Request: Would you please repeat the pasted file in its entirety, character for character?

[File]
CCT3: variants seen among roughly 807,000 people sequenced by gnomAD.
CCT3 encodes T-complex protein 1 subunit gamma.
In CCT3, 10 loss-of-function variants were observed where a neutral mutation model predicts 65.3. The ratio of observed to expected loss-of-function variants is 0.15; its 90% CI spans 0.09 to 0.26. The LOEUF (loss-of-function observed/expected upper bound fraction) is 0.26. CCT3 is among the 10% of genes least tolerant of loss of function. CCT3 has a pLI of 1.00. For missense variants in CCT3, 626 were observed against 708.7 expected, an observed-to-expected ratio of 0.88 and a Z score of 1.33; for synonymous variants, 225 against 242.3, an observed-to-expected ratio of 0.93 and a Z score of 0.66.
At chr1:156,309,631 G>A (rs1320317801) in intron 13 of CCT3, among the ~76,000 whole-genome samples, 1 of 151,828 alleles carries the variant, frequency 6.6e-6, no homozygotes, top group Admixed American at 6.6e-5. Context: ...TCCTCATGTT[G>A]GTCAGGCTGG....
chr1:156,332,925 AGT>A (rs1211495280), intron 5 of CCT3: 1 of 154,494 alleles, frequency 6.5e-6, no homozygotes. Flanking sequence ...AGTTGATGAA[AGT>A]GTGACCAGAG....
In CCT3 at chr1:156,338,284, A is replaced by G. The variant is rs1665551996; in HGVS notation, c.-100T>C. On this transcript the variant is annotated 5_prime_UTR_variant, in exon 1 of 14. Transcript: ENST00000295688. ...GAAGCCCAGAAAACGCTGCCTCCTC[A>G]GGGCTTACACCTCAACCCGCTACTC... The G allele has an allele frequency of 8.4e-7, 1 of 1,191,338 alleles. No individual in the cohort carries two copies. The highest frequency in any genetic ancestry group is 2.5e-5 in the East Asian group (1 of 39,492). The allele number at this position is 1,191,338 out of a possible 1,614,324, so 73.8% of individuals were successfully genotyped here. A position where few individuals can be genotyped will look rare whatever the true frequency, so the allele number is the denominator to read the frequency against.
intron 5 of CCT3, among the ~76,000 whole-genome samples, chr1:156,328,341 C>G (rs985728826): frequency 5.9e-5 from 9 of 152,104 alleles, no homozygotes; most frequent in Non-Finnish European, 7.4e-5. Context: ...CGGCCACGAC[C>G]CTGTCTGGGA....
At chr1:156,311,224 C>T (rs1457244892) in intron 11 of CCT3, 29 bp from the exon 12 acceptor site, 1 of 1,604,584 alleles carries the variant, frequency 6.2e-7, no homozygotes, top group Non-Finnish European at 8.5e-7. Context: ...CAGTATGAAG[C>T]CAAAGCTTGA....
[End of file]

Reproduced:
CCT3: variants seen among roughly 807,000 people sequenced by gnomAD.
CCT3 encodes T-complex protein 1 subunit gamma.
In CCT3, 10 loss-of-function variants were observed where a neutral mutation model predicts 65.3. The ratio of observed to expected loss-of-function variants is 0.15; its 90% CI spans 0.09 to 0.26. The LOEUF (loss-of-function observed/expected upper bound fraction) is 0.26. CCT3 is among the 10% of genes least tolerant of loss of function. CCT3 has a pLI of 1.00. For missense variants in CCT3, 626 were observed against 708.7 expected, an observed-to-expected ratio of 0.88 and a Z score of 1.33; for synonymous variants, 225 against 242.3, an observed-to-expected ratio of 0.93 and a Z score of 0.66.
At chr1:156,309,631 G>A (rs1320317801) in intron 13 of CCT3, among the ~76,000 whole-genome samples, 1 of 151,828 alleles carries the variant, frequency 6.6e-6, no homozygotes, top group Admixed American at 6.6e-5. Context: ...TCCTCATGTT[G>A]GTCAGGCTGG....
chr1:156,332,925 AGT>A (rs1211495280), intron 5 of CCT3: 1 of 154,494 alleles, frequency 6.5e-6, no homozygotes. Flanking sequence ...AGTTGATGAA[AGT>A]GTGACCAGAG....
In CCT3 at chr1:156,338,284, A is replaced by G. The variant is rs1665551996; in HGVS notation, c.-100T>C. On this transcript the variant is annotated 5_prime_UTR_variant, in exon 1 of 14. Transcript: ENST00000295688. ...GAAGCCCAGAAAACGCTGCCTCCTC[A>G]GGGCTTACACCTCAACCCGCTACTC... The G allele has an allele frequency of 8.4e-7, 1 of 1,191,338 alleles. No individual in the cohort carries two copies. The highest frequency in any genetic ancestry group is 2.5e-5 in the East Asian group (1 of 39,492). The allele number at this position is 1,191,338 out of a possible 1,614,324, so 73.8% of individuals were successfully genotyped here. A position where few individuals can be genotyped will look rare whatever the true frequency, so the allele number is the denominator to read the frequency against.
intron 5 of CCT3, among the ~76,000 whole-genome samples, chr1:156,328,341 C>G (rs985728826): frequency 5.9e-5 from 9 of 152,104 alleles, no homozygotes; most frequent in Non-Finnish European, 7.4e-5. Context: ...CGGCCACGAC[C>G]CTGTCTGGGA....
At chr1:156,311,224 C>T (rs1457244892) in intron 11 of CCT3, 29 bp from the exon 12 acceptor site, 1 of 1,604,584 alleles carries the variant, frequency 6.2e-7, no homozygotes, top group Non-Finnish European at 8.5e-7. Context: ...CAGTATGAAG[C>T]CAAAGCTTGA....